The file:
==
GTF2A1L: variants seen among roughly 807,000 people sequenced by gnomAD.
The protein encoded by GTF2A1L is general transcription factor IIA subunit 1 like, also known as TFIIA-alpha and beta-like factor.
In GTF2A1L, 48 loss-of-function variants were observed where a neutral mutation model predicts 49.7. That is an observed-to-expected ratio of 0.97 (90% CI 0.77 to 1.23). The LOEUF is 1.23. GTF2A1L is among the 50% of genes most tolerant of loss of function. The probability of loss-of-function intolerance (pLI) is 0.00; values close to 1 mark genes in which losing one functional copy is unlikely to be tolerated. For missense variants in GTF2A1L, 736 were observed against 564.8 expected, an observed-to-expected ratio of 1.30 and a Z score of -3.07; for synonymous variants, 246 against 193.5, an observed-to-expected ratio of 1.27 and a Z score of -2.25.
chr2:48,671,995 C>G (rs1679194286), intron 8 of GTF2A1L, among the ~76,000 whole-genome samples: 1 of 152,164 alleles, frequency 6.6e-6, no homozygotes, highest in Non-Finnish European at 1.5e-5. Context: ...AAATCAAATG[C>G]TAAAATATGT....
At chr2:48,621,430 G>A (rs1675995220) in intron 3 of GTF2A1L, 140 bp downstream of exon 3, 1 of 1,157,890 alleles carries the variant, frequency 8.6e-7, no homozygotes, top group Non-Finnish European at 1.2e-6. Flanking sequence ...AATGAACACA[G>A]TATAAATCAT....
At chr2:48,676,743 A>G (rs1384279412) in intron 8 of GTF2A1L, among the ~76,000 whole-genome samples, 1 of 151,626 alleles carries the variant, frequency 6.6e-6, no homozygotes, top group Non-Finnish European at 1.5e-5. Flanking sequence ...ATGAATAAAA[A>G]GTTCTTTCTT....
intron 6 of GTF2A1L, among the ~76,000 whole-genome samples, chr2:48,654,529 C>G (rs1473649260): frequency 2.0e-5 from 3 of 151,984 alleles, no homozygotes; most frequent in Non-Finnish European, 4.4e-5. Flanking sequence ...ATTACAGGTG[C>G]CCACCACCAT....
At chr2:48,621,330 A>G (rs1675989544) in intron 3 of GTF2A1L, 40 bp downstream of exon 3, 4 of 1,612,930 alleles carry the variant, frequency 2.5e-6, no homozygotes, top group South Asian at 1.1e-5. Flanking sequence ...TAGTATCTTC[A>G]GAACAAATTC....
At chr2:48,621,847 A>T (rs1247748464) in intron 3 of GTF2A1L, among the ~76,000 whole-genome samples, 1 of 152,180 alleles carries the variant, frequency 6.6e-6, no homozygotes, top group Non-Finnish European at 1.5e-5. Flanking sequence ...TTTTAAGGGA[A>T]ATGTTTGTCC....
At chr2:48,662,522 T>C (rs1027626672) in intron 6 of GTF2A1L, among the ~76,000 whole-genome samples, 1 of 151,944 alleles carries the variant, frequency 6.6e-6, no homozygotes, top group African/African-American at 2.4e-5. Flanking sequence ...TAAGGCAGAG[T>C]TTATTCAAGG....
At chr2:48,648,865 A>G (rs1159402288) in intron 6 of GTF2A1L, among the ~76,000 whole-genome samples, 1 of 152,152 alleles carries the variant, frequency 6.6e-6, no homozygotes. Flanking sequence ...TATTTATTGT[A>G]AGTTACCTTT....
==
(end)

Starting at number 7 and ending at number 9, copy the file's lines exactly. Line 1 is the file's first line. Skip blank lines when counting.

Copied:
intron 6 of GTF2A1L, among the ~76,000 whole-genome samples, chr2:48,654,529 C>G (rs1473649260): frequency 2.0e-5 from 3 of 151,984 alleles, no homozygotes; most frequent in Non-Finnish European, 4.4e-5. Flanking sequence ...ATTACAGGTG[C>G]CCACCACCAT....
At chr2:48,621,330 A>G (rs1675989544) in intron 3 of GTF2A1L, 40 bp downstream of exon 3, 4 of 1,612,930 alleles carry the variant, frequency 2.5e-6, no homozygotes, top group South Asian at 1.1e-5. Flanking sequence ...TAGTATCTTC[A>G]GAACAAATTC....
At chr2:48,621,847 A>T (rs1247748464) in intron 3 of GTF2A1L, among the ~76,000 whole-genome samples, 1 of 152,180 alleles carries the variant, frequency 6.6e-6, no homozygotes, top group Non-Finnish European at 1.5e-5. Flanking sequence ...TTTTAAGGGA[A>T]ATGTTTGTCC....